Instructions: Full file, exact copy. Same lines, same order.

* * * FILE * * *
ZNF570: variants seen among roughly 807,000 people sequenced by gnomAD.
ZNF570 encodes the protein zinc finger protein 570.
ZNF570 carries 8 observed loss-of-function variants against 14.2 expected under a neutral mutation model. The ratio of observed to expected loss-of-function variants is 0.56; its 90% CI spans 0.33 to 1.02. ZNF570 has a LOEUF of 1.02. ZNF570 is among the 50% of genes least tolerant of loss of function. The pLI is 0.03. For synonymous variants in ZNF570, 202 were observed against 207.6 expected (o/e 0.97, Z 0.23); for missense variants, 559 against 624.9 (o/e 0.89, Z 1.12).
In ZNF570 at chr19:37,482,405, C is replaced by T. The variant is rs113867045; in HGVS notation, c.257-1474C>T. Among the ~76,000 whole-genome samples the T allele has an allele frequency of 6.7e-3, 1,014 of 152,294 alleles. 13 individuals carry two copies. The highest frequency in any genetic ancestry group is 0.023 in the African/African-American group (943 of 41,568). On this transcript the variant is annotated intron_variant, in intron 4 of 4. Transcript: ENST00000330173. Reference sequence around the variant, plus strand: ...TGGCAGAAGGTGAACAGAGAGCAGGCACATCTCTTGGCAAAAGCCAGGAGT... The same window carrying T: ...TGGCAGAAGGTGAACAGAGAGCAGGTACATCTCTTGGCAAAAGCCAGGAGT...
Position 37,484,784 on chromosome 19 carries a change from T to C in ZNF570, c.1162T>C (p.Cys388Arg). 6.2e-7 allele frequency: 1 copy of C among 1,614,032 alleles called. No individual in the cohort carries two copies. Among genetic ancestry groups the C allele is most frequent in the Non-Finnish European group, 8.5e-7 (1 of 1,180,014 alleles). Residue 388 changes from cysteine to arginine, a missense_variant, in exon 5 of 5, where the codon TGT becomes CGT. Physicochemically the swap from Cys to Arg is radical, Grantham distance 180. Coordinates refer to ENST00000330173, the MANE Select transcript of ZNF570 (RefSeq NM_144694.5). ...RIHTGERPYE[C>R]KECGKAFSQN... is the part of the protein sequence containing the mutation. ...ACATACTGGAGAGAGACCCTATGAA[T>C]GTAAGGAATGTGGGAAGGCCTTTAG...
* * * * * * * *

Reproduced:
ZNF570: variants seen among roughly 807,000 people sequenced by gnomAD.
ZNF570 encodes the protein zinc finger protein 570.
ZNF570 carries 8 observed loss-of-function variants against 14.2 expected under a neutral mutation model. The ratio of observed to expected loss-of-function variants is 0.56; its 90% CI spans 0.33 to 1.02. ZNF570 has a LOEUF of 1.02. ZNF570 is among the 50% of genes least tolerant of loss of function. The pLI is 0.03. For synonymous variants in ZNF570, 202 were observed against 207.6 expected (o/e 0.97, Z 0.23); for missense variants, 559 against 624.9 (o/e 0.89, Z 1.12).
In ZNF570 at chr19:37,482,405, C is replaced by T. The variant is rs113867045; in HGVS notation, c.257-1474C>T. Among the ~76,000 whole-genome samples the T allele has an allele frequency of 6.7e-3, 1,014 of 152,294 alleles. 13 individuals carry two copies. The highest frequency in any genetic ancestry group is 0.023 in the African/African-American group (943 of 41,568). On this transcript the variant is annotated intron_variant, in intron 4 of 4. Transcript: ENST00000330173. Reference sequence around the variant, plus strand: ...TGGCAGAAGGTGAACAGAGAGCAGGCACATCTCTTGGCAAAAGCCAGGAGT... The same window carrying T: ...TGGCAGAAGGTGAACAGAGAGCAGGTACATCTCTTGGCAAAAGCCAGGAGT...
Position 37,484,784 on chromosome 19 carries a change from T to C in ZNF570, c.1162T>C (p.Cys388Arg). 6.2e-7 allele frequency: 1 copy of C among 1,614,032 alleles called. No individual in the cohort carries two copies. Among genetic ancestry groups the C allele is most frequent in the Non-Finnish European group, 8.5e-7 (1 of 1,180,014 alleles). Residue 388 changes from cysteine to arginine, a missense_variant, in exon 5 of 5, where the codon TGT becomes CGT. Physicochemically the swap from Cys to Arg is radical, Grantham distance 180. Coordinates refer to ENST00000330173, the MANE Select transcript of ZNF570 (RefSeq NM_144694.5). ...RIHTGERPYE[C>R]KECGKAFSQN... is the part of the protein sequence containing the mutation. ...ACATACTGGAGAGAGACCCTATGAA[T>C]GTAAGGAATGTGGGAAGGCCTTTAG...